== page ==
Donatus (d 355) was Bishop of Casa Nigrae in what is now Algeria in the early years of the 4th century, when the persecution of Christians under Diocletian was at its height. During that horrible time, many Catholics saved their lives by renouncing the faith, burning incense to the gods, or turning over Church property and even the names of fellow believers to the officials. To the steadfast, these became known as traditores (traitors).
When at last Constantine brought peace to the Church in 311, the question of what to do about repentant clergy who wanted to return to the Church became paramount. The North African Church was particularly divided.
This came to a head that very year when the Archbishop of Carthage died. As Primate of North Africa, his position was important. The electors were divided into two parties: the followers of the Archdeacon Caecilianus believed that the traditores could be reconciled simply by performing penance. The more rigorist party held that those who had lapsed had forfeited everything and needed to be re-baptised (and if clerics, re-ordained), otherwise their sacramental ministrations would be invalid. Donatus belonged to the latter party.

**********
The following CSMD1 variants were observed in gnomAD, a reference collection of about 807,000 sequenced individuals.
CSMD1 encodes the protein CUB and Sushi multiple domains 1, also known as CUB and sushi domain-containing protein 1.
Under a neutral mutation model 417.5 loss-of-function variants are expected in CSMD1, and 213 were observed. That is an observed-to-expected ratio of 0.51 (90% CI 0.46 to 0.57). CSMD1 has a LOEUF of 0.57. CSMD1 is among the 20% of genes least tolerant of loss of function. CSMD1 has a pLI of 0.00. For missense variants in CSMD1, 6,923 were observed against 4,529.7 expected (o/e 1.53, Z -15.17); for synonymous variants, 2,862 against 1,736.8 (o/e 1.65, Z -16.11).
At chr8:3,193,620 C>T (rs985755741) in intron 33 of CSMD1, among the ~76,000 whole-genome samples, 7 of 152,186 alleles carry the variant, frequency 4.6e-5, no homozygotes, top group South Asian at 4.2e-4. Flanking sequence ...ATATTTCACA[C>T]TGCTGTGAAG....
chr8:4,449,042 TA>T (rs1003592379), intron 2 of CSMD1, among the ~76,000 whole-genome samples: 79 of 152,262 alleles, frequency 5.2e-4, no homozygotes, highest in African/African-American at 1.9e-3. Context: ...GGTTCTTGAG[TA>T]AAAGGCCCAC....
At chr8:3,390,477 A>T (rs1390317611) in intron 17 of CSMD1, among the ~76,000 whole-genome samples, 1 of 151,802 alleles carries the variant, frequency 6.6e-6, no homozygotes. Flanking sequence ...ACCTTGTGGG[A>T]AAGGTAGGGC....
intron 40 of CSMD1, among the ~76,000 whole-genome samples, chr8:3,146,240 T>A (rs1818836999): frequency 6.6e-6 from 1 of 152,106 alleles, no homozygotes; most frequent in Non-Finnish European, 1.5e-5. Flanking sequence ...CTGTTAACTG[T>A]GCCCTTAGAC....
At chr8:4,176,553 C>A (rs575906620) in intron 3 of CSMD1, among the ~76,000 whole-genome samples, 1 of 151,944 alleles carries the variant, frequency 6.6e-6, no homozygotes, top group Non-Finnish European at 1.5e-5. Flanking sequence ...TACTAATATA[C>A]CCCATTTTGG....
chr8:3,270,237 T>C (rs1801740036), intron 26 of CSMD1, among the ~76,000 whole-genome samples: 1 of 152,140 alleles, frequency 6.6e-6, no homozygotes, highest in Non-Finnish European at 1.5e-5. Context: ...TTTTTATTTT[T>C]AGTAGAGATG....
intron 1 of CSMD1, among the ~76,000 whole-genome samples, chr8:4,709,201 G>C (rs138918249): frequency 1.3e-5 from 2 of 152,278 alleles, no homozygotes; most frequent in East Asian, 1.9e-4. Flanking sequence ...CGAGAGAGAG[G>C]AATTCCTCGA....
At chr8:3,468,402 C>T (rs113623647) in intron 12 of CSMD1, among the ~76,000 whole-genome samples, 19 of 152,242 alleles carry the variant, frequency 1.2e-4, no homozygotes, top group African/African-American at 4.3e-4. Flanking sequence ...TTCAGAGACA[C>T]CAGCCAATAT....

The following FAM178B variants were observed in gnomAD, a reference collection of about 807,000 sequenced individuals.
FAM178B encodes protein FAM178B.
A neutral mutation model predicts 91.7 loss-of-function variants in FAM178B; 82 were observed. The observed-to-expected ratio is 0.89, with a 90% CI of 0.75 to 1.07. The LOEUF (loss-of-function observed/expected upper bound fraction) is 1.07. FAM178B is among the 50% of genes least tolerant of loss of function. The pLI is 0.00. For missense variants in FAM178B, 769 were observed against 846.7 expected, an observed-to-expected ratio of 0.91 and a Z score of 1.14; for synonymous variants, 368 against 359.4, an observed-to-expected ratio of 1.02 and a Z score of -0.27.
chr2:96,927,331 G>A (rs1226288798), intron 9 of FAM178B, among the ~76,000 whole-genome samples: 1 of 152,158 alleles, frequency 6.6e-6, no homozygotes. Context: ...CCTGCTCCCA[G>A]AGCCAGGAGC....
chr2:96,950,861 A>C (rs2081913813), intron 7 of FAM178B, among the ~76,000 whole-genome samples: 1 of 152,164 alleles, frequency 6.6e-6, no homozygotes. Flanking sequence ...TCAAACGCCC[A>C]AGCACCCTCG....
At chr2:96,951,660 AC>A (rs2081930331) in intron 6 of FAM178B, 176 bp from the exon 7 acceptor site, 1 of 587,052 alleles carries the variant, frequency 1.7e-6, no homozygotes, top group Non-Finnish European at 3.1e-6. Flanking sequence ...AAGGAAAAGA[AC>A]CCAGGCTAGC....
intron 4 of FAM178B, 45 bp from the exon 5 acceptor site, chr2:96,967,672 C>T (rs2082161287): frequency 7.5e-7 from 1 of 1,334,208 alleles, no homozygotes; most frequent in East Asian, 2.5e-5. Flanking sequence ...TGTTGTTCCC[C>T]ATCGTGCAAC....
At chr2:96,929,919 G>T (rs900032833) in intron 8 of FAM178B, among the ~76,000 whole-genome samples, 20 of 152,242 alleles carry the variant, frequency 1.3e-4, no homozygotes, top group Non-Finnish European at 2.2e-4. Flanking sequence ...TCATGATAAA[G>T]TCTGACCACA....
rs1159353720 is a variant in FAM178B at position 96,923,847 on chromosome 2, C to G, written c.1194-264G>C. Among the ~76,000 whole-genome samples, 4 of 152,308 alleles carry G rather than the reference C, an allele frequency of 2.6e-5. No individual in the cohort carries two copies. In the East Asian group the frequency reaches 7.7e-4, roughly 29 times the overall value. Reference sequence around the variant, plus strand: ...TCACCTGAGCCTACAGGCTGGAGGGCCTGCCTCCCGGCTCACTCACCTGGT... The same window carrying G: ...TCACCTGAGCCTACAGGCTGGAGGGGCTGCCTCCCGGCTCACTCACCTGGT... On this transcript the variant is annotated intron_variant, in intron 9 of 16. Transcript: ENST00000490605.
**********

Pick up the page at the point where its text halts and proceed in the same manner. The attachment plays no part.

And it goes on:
Caecilianus was elected, and both Pope Miltiades and the emperor backed his side’s point of view – once ordained, always ordained. Two years later, the Pope condemned Donatus for re-baptising clerics. He and his followers went into schism. Popular among the local inhabitants, its ranks were stiffened by the Circumcellions – irregular soldiers who made war against both Catholics and the Roman administration.
Donatus made a final appeal at a council held at Arles in France, was condemned, and sent into exile. Meanwhile, a quasi-civil war raged, and was still being fought when
St Augustine became Bishop of Hippo. His experiences with the Donatists changed his view from simply trying to convert heretics to advocating compulsion.